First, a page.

Proposition 37 wasn’t entirely the fault of a strong opposition. In truth, the initiative itself was flawed. Not only was it confusing for voters who took the time to read it, but the provisions listed made the proposition virtually useless to anyone truly interested in finding out whether or not the foods they buy contain GMOs, or genetically modified organisms.
When it comes to social reform, California often leads the nation, providing something of a litmus test for future widespread legislation through the laws they enact. When an idea takes root in California it’s only a matter of time before other states begin to fall like dominoes and follow suit. It could be due to the diverse melting pot of cultures and peoples in the state, as well as a certain sense that nothing is impossible if enough voices unite in a single call to action. So when Proposition 37, an initiative calling for new labeling regulations that would inform consumers of the presence of GMOs in their food, was added to the ballot, interested parties all over the country perked up and took notice. And not everyone was pleased.
As most people are now aware, the proposition did not pass; it was defeated by a 53% no vote. This likely came as something of a surprise to pollsters, who received early support for the initiative (an overwhelming 2-1 voters polled were in favor). Unfortunately, proponents probably didn’t plan on the massive campaign of opposition that came from a variety of well-known special interests. Several food manufacturers, including Monsanto, Coke, Pepsi, and Kraft Foods (amongst others) threw their considerable weight behind ads to defeat the proposition, ponying up an impressive $45 million+ for the cause (Monsanto alone contributed more than $8 million). Supporters of the GMO labeling initiative, on the other hand, only came up with funds totaling less than $9 million.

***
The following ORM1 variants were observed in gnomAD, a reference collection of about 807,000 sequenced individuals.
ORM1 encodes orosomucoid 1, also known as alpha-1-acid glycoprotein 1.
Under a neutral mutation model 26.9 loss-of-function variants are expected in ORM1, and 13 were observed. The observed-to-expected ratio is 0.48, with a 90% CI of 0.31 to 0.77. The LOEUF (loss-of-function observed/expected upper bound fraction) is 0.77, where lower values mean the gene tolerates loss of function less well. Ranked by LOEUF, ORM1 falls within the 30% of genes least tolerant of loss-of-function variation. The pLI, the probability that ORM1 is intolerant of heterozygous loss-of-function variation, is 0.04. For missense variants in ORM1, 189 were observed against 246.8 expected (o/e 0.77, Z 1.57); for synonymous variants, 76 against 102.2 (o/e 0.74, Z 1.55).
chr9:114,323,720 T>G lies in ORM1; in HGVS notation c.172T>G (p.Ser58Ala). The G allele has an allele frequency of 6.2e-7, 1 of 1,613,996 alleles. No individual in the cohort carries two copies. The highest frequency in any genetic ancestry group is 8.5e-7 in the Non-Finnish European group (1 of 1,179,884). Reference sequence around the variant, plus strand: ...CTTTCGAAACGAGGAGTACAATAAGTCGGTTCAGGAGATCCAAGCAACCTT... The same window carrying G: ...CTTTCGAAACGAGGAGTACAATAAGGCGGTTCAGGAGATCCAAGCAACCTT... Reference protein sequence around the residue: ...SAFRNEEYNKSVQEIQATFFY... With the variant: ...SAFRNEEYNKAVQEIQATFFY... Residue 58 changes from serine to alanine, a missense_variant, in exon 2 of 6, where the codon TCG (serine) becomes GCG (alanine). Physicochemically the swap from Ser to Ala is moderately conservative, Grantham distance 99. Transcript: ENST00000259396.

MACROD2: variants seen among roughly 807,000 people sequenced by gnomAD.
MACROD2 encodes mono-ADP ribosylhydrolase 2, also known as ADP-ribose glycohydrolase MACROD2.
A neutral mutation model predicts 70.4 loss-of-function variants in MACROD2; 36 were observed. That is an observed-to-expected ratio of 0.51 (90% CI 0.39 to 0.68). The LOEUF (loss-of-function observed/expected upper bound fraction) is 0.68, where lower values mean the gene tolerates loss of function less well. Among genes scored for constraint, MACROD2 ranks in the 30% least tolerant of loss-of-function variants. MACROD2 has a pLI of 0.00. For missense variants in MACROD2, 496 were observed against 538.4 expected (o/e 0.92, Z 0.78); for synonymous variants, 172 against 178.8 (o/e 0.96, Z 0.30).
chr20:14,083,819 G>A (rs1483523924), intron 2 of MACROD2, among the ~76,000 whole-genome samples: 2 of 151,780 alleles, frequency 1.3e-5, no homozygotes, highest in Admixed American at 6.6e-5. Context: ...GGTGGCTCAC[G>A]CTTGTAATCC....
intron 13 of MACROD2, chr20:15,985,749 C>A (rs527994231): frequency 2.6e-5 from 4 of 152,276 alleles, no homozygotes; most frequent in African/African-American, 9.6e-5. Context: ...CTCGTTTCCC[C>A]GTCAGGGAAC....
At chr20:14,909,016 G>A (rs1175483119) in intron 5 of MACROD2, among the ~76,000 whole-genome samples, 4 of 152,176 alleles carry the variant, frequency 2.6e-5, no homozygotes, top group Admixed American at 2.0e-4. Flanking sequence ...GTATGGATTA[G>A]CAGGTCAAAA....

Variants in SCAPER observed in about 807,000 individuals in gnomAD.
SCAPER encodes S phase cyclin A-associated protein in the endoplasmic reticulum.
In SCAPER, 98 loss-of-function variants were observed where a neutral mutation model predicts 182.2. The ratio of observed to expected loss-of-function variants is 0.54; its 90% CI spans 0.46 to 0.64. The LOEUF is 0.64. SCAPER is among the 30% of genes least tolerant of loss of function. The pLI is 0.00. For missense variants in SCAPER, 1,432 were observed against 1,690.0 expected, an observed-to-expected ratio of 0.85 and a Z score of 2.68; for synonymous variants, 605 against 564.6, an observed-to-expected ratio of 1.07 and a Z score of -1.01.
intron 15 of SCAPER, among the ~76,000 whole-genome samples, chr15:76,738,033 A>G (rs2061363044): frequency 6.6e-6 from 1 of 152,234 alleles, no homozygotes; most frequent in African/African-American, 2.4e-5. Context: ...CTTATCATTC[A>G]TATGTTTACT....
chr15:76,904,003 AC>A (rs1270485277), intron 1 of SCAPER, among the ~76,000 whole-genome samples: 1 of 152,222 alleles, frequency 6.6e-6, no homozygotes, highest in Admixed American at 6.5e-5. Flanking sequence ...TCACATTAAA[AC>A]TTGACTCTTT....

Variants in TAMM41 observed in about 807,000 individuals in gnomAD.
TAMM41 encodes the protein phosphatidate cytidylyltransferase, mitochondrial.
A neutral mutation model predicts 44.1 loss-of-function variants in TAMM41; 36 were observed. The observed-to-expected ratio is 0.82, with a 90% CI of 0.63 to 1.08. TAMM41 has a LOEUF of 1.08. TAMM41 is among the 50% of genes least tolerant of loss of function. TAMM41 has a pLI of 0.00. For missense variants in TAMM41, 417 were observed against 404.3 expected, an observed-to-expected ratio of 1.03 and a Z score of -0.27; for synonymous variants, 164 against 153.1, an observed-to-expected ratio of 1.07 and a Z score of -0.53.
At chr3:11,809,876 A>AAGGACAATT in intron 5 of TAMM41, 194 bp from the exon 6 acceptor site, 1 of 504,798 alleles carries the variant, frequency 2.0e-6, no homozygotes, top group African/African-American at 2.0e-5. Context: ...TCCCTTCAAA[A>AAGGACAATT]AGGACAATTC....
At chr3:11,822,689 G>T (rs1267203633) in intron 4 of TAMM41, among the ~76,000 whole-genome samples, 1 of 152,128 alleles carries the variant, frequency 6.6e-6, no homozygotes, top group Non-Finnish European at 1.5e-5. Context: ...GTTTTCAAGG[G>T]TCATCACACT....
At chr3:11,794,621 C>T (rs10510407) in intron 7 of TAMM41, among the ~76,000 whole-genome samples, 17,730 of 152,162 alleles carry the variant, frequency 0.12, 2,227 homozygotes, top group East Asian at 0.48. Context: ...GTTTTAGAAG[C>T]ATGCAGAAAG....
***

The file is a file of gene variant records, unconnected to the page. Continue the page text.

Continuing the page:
But the failure of Proposition 37 wasn’t entirely the fault of a strong opposition. In truth, the initiative itself was flawed. Not only was it confusing for voters who took the time to read it, but the provisions listed made the proposition virtually useless to anyone truly interested in finding out whether or not the foods they buy contain GMOs, or genetically modified organisms. The real problem is that the proposition stipulated that only certain foods were subject to this labeling requirement, while others would be exempt. Further, different parties would be held responsible for labeling. In most cases, this duty would fall to food manufacturers. But for unpackaged foods, for example, grocery stores and other sellers would be required to mark qualifying items. Further, anything unlabeled would require proof of exemption in the form of documentation.
So the question you may be asking yourself is how, even with the new labeling laws, you could ever be certain about the GMO content of your foods. While you would know that the items labeled as containing GMOs had them, you could never really be sure about the ones that bore no such label. With some items exempt and others subject to labeling by parties that did not produce them, consumers would always have to wonder which unlabeled foods might contain GMOs, thereby making the entire system virtually useless. You don’t need a nutrition degree to see the many flaws in this plan. Still, there were those who willing to accept something rather than nothing, which is likely why 47% still voted in favor of the initiative. Other Californians are no doubt hoping that this loss leads to better legislation in the future. And the rest of the nation holds their breath.
For other views of the initiative, read Andrew Revkin Michael Pollan, Mark Bittman, Keith Kloor, David Zilberman, the self-described “health-conscious foodie”Alexandra Le Tellier